ANC Official Says Infrastructure Key to S. Africa Jobs Drive
A top South African ruling party official urged the government to accelerate spending on infrastructure to create jobs and cautioned against raising taxes to fund additional welfare benefits.
“We have a lot of infrastructure that needs to be fixed, the rail lines, some provinces’ dams, road and bridges,” Paul Mashatile, the treasurer-general of the African National Congress, said in an interview on Thursday. “That is where jobs are going to come from.”
Mashatile’s comments come amid an ongoing debate in South Africa on how best to revive the coronavirus-battered economy, reduce a 34.4% unemployment rate and tackle rampant poverty and inequality. A recovery plan unveiled by President Cyril Ramaphosa in October last year envisioned the government allocating 100 billion rand ($6.7 billion) for new infrastructure within four years, spending that would galvanize a further 1 trillion rand of private investment.
Mashatile, 59, a former premier of the central Gauteng province who’s been touted as a possible successor to Ramaphosa, said the implementation of the plan had to be accelerated, and newly appointed Finance Minister Enoch Godongwana would make that a top priority.
Luring investment won’t be easy. Restrictions that were imposed to curb the spread of the coronavirus caused the economy to shrink the most in 27 years in 2020, revised data published this week by the national statistics agency showed. Spending on infrastructure and fixed assets fell 14.9% last year, and business and consumer confidence are languishing at multi-year lows.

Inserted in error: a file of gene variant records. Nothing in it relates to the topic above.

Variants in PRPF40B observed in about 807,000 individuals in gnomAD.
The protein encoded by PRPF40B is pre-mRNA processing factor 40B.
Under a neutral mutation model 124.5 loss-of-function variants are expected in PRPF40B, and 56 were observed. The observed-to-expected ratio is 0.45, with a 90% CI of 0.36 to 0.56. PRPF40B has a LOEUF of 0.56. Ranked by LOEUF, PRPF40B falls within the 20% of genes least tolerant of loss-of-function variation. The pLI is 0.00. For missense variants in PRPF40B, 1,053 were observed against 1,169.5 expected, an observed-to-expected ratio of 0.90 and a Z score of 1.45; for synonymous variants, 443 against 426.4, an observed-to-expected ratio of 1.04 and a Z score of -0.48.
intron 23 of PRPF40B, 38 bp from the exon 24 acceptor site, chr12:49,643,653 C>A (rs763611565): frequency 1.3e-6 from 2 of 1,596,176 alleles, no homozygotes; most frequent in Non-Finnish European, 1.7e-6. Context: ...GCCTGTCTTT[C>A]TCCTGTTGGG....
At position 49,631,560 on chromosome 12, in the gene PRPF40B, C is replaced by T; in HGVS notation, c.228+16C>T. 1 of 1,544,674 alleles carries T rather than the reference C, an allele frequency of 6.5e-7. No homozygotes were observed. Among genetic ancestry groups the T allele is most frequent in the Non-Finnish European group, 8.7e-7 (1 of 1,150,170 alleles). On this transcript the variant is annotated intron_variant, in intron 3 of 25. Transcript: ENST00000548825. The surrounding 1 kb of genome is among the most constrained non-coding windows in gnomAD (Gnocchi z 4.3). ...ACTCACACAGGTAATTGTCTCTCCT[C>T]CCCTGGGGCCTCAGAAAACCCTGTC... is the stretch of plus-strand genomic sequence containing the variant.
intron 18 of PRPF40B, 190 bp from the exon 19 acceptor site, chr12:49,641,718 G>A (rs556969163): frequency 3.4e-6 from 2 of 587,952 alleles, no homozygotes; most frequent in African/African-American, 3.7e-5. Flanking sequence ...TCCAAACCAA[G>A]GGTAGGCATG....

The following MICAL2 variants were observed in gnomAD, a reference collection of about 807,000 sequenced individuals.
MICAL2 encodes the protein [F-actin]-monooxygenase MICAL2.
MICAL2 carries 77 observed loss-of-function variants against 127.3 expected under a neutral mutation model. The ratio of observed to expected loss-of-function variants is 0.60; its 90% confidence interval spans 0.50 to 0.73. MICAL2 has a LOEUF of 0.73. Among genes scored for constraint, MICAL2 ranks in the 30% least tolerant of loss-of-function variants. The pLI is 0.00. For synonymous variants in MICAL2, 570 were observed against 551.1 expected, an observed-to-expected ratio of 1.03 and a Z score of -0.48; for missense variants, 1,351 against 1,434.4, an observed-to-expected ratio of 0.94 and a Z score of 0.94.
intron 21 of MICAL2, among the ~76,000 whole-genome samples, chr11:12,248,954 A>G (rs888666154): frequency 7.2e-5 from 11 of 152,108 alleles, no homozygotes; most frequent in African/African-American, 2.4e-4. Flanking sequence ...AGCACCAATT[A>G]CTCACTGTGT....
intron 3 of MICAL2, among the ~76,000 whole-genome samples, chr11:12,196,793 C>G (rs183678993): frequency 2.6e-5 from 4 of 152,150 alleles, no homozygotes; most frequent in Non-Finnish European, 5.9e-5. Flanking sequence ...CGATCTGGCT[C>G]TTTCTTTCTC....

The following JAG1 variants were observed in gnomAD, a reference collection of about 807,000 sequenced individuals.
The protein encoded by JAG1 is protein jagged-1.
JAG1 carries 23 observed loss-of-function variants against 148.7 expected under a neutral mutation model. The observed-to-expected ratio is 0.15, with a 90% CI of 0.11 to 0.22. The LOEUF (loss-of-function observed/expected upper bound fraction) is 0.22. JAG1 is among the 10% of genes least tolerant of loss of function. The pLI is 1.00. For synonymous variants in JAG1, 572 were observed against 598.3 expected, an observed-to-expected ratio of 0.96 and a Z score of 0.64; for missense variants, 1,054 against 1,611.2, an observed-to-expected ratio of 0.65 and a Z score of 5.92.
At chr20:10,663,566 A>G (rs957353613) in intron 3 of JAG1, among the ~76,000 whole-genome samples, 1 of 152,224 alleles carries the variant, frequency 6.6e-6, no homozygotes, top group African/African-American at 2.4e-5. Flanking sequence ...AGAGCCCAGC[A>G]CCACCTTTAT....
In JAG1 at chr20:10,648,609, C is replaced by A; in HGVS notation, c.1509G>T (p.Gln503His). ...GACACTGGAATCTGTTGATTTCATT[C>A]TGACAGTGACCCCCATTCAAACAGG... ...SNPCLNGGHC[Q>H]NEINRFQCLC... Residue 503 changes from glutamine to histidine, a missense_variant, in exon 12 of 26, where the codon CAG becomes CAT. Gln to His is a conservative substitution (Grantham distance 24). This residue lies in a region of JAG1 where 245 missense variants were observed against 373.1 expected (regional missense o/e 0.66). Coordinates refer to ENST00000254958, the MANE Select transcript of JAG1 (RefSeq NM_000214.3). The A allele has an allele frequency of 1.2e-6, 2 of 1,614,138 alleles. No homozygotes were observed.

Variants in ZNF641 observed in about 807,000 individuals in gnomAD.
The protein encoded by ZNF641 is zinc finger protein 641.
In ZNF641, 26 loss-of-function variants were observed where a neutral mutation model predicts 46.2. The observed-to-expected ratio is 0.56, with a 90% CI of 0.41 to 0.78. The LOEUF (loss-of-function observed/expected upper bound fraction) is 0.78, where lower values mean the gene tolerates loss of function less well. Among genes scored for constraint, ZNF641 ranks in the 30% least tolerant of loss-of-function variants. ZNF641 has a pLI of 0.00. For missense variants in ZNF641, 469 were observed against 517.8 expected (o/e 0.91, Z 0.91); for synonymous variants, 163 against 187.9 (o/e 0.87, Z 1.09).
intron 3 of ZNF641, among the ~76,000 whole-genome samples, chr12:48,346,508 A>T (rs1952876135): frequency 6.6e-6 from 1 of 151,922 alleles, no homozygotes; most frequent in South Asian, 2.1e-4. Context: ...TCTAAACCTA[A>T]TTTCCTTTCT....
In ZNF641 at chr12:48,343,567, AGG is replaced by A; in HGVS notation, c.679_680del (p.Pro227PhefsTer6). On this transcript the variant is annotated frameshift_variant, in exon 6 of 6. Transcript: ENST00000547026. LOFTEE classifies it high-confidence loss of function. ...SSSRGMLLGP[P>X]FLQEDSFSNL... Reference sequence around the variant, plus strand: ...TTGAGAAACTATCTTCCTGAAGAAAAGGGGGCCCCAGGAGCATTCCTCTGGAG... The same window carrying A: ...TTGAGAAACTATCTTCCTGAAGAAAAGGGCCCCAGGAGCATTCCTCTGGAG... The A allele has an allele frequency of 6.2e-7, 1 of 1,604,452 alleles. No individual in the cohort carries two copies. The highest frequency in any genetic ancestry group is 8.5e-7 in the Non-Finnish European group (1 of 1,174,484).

Last week, the Department of Social Development proposed that companies and workers be compelled to contribute as much as 12% of their earnings to a fund that could provide unemployment, retirement and disability benefits -- an option rejected by business and labor groups. Civil rights groups have for years been campaigning for the government to introduce a social welfare grant.
“We do need social relief for the poorest of the poor, but we also need a funding mechanism that is sustainable that will not exhaust those who are already contributing,” Mashatile said. “We will be cautious looking at that. It may not be something we do immediately.”
Mashatile also revealed that the ANC may have to scrap its plans to change the constitution to make it easier for the government to seize land without paying for it and address racially skewed ownership patterns.
An amendment would require backing from two-thirds of lawmakers, meaning the ruling party would need the support of the radical Economic Freedom Fighters to pass it, but an agreement on the wording has proved elusive so far.
“We already have an Expropriation Act that allows us space to do some of the things that we want to do,” Mashatile said. While it does not explicitly say land can be expropriated without compensation, “we think that there is room for us to do so with that act and we can test it in the courts if there are shortcomings. But it seems that will be the viable way out under the circumstances,” he said.
The ruling party will make a decision later this year on when to hold a policy conference after its previous summit was put off because of Covid-19 restrictions, Mashatile said.
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